Figures out today show life expectancy was declining in many communities in England even before the pandemic.
The study by Imperial College London found communities with the lowest life expectancy were typically located in urban areas in the North, including Newcastle, Manchester and Liverpool, whereas those with the highest were often based in London and the surrounding home counties.
In the five years before the pandemic (2014-2019) life expectancy went down in almost one in five communities for women, and one in nine communities for men
The new study is the first to analyse longevity trends in ultra-fine detail and could identify where life expectancy declined with much more precision than before. The researchers tracked life expectancy in communities of around 8,000 people, while other statistics are typically based on much larger areas (such as local authority districts, which have a median population of around 140,000 people).
They found that communities with the lowest life expectancy (below 70 and 75 years for men and women, respectively) were typically situated in urban areas in the North of England.
Although recent data from the Office for National Statistics found that life expectancy for men in the UK had fallen for the first time in 40 years due to the COVID-19 pandemic, the new research shows that life expectancy was declining in many communities years before the pandemic began.
Senior author, Professor Majid Ezzati from the School of Public Health at Imperial College London, said: “There has always been an impression in the UK that everyone’s health is improving, even if not at the same pace. These data show that longevity has been getting worse for years in large parts of England.”
“Declines in life expectancy used to be rare in wealthy countries like the UK, and happened when there were major adversities like wars and pandemics. For such declines to be seen in ‘normal times’ before the pandemic is alarming, and signals ongoing policy failures to tackle poverty and provide adequate social support and health care.”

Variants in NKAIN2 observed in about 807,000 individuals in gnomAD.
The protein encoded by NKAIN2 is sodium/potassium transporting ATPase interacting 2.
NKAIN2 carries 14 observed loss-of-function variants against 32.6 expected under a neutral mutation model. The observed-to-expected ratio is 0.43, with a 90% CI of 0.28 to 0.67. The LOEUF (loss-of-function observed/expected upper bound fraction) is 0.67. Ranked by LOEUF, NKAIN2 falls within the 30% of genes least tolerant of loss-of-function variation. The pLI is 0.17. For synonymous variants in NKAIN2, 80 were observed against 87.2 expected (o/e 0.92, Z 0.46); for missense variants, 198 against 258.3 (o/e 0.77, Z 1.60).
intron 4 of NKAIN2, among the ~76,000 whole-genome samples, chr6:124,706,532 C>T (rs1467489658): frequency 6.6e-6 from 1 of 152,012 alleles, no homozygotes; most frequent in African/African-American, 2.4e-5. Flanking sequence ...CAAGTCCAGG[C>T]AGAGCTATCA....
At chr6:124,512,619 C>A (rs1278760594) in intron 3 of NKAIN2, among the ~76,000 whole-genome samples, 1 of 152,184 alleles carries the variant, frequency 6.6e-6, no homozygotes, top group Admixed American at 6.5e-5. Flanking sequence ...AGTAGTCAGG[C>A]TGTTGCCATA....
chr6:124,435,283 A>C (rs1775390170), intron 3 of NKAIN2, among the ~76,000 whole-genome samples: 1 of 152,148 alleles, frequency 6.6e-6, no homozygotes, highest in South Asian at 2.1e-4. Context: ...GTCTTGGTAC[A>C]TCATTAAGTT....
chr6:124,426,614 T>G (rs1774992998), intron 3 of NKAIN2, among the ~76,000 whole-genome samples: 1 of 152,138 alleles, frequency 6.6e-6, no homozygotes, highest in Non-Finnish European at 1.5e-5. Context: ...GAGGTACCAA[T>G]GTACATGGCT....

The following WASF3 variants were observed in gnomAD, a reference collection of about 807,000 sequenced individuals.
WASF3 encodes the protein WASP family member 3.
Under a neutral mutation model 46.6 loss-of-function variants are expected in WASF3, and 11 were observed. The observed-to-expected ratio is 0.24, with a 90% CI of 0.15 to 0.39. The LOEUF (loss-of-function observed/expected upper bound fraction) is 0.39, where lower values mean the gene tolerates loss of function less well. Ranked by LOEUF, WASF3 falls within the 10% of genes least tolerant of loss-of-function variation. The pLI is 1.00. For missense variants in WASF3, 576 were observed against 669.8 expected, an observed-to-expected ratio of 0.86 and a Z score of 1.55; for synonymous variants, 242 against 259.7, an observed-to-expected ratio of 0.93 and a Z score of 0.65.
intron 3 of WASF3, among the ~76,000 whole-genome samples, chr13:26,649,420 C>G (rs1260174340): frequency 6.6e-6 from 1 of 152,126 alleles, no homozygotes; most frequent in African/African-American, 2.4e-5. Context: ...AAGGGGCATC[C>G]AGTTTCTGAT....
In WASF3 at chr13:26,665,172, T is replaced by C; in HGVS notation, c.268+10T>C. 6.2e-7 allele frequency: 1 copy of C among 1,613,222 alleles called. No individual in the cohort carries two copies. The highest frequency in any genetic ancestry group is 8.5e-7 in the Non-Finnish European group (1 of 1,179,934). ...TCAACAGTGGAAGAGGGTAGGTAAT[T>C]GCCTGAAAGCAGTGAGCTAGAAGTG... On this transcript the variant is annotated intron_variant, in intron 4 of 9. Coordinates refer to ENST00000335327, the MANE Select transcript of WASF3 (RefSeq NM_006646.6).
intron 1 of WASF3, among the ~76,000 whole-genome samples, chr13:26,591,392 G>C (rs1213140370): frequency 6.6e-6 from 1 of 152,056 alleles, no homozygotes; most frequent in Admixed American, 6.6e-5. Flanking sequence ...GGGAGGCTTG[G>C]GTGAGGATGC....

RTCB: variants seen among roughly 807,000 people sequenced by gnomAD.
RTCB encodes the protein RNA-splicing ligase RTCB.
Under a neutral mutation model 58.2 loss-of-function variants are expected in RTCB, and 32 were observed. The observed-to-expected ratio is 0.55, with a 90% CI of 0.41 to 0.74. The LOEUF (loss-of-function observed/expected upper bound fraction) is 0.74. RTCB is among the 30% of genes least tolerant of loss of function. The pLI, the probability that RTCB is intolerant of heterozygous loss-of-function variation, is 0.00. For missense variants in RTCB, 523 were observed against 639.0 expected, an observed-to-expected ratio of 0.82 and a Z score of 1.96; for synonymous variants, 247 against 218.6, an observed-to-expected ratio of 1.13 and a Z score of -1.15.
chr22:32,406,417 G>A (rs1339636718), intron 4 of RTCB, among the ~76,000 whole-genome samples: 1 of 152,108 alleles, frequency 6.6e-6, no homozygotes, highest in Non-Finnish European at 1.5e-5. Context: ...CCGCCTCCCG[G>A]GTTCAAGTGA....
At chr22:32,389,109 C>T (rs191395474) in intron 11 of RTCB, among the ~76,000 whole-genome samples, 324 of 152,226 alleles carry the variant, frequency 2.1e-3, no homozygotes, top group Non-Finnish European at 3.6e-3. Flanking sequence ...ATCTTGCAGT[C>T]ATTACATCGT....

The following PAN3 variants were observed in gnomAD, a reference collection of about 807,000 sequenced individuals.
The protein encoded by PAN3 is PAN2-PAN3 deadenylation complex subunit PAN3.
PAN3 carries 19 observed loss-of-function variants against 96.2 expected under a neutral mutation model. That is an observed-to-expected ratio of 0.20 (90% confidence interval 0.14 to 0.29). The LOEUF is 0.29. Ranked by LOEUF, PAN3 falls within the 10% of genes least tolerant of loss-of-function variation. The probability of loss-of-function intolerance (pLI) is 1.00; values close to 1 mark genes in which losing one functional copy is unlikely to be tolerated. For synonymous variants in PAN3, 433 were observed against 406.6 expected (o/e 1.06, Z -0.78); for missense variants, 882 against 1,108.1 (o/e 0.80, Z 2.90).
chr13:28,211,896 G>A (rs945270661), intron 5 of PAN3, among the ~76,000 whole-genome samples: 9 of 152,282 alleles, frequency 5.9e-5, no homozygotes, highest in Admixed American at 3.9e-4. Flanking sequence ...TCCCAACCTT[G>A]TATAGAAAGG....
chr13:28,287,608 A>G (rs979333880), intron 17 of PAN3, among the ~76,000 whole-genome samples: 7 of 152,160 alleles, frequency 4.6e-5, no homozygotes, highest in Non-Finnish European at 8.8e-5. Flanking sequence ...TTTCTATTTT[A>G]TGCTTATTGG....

Taken over the entire time from 2002 to 2019, the biggest life expectancy decline seen for women was a loss of three years for an area of Leeds (from 78.7 to 75.6 years), and for men was of 0.4 years in a part of Blackpool (from 68.7 to 68.3 years). There were also startling reversals in life expectancies for women in a number of communities in Yorkshire and The Humber over this time.
The researchers note that the regions where life expectancy declines occurred often already had lower life expectancy, and high levels of poverty, unemployment, and low education.
In comparison, between 2002 and 2019, life expectancy increases of nine years or more were seen for men and women in some parts of central and north London.
These trends created stark geographical differences. In 2019, there was about a 20-year gap in life expectancy for women living in communities with the highest and lowest life expectancies (one region of Camden had a life expectancy of 95.4 years, compared to a community in Leeds with a life expectancy of 74.7 years).
For men, the gap was 27 years (life expectancy in one area within Kensington and Chelsea was 95.3 years, compared to 68.3 years in a part of Blackpool).
Communities with the lowest life expectancy were typically located in urban areas in the North, including Leeds, Newcastle, Manchester, Liverpool and Blackpool. Communities with the highest life expectancies were often based in London and the surrounding home counties.
The researchers conclude that urgent action must be taken to stop the deterioration and improve health in disadvantaged communities. They call on the Government to increase investments in public health and healthcare in communities with lower life expectancy, and to introduce pro-equity economic and social policies.
Professor Ezzati said: “The post-COVID ‘Build Back Better’ agenda can create an opportunity for better health, but it currently does not focus on equity and the resources allocated to ‘levelling up’ agenda are too little to address these concerning trends. To level up health, the government must make significant investments in people, communities and health services to first reverse this deterioration of health in so many communities.”